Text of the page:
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Posts Tagged ‘Communication’

free speech 2

free speech 2 (Photo credit: dogwelder)

Speak and talk, saying the same thing

 

Speak now or forever hold your tongue  (not literally) remain quiet.

On my journey I was approached by a woman who said, “You speak with nobody on the telephone.” She saw me using my mobile phone and wanted to tell me not to use it inside.  What she should have said was, “You can’t talk on the telephone in here.”

‘Speak’ and ‘Talk’ are often used interchangeably.

‘Speak’ is often used when someone is speaking to a group of people in general.

Examples of various ways to use ‘Speak’ include:

to talk or utter words – “ I was so shocked I could hardly speak.”;

to communicate thoughts or feelings – “I want to speak my mind while I still have the courage.”;

used with languages – “Max speaks both English and Swedish”;

to be on good terms with someone – “We used to speak on a daily basis, but not anymore”;

to make a speech – “My sister will now speak to the crowd to quiet them down.”;

to express something in writing – “His prose speaks of such joy and hope for his people.”;

nonverbal communication – “Their actions speak louder than words.”

to indicate a sign of something – “ Her posture spoke of self confidence and high character.”

Speak also tends to used in more formal situations.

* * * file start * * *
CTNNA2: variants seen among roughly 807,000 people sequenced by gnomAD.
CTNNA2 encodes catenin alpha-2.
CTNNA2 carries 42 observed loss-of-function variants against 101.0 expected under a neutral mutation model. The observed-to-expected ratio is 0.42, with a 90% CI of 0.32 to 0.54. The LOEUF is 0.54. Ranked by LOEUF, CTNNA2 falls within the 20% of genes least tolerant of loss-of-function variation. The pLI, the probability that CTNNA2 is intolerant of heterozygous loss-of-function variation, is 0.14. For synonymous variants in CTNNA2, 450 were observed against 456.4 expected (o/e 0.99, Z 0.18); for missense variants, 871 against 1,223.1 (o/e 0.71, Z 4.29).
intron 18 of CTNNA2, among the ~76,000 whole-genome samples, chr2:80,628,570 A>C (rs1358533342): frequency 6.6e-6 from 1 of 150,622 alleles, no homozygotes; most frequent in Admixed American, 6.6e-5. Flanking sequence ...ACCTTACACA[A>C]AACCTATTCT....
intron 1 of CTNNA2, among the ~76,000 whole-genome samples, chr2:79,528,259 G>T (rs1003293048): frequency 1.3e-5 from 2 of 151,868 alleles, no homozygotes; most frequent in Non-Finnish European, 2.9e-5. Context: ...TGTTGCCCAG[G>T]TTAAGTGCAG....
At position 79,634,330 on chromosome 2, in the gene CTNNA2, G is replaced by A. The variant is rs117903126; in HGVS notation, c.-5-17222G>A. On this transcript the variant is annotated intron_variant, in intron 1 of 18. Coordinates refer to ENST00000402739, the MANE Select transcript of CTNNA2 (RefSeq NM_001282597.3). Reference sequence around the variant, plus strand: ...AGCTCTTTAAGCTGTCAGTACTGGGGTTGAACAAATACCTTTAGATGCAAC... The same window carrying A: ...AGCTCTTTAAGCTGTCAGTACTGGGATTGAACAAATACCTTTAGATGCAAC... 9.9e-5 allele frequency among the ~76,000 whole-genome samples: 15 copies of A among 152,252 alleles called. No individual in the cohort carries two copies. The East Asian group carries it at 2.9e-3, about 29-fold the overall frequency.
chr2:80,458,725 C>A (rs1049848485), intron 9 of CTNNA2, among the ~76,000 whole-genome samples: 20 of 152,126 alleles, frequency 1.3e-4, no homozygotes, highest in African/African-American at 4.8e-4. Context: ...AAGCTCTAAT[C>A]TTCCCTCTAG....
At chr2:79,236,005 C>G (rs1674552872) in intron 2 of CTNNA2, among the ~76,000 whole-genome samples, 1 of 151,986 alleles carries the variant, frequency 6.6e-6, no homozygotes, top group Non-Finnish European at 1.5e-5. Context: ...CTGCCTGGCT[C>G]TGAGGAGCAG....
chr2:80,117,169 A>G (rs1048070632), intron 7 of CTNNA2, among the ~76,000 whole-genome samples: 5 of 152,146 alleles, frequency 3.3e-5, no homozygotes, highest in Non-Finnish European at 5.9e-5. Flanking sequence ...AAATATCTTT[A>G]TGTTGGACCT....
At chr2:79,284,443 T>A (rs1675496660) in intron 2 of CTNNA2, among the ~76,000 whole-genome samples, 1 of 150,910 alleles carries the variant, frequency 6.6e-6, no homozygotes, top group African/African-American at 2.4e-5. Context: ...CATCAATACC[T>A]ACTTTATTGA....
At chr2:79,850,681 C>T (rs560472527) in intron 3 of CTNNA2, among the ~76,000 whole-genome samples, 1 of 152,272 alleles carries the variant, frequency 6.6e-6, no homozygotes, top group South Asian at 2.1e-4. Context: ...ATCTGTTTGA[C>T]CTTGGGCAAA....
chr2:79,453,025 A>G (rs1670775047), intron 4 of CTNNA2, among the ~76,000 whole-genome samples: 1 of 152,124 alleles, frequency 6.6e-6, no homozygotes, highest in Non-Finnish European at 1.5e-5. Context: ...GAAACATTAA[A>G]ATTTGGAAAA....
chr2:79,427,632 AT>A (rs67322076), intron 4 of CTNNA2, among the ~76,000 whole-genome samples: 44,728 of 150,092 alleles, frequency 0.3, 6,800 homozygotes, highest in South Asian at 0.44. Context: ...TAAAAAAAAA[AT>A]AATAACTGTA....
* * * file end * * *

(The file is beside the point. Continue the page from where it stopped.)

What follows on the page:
“The President will now speak to the nation in his weekly State of the Union address

 

Verb Forms: Speak – Spoke – SpokenSpeaking

 

Do you tend to speak first and then get talked about later?

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Fun With Dick and Jane

Fun With Dick and Jane (Photo credit: Wikipedia)

Look and See, so simple yet difficult.

 

While on my journey a woman said to me, “Anybody not look for any people when they are home.” Clearly she meant to say, “Nobody will see any people when they are home.”

 

When I tried to explain that she should use ‘see’ instead of ‘look’ because they will not see anybody when they are home, she had a confused look on her face.

 

Look at Jane run faster than Dick.

 

A person listening to someone else speaking will automatically put together what is being said with how it is being said to facilitate understanding.

 

To completely understand speech we must first process the non-linguistic properties, i.e. properties not relating to language. When you are only passing through a new town or country, sometimes that’s all time will permit – so non-verbal communication kicks in and is a sufficient replacement.

 

 

Look can have several meanings.

 

As a verb, ‘Look’ means:

to look at something for a reason – “They looked everywhere for the missing child.”;

with an intention – “Look at that three-legged cat”;

to turn the eyes toward something – “Look me in the eyes and tell me the truth.”;

to express something- “She had a disappointed look on her face when she saw the room.”;

appear fitting for something – “She looks every bit of her age.”

 

As a noun, ‘Look’, can mean:

an appearance or fashion – “She has the perfect look for the job.”;

the act of looking – “Take a look at this.”;

the way something appears – “It looks like it will rain today.”;

 

LOOKS LIKE THIS IS THE END.

Have you ever looked around and not seen?

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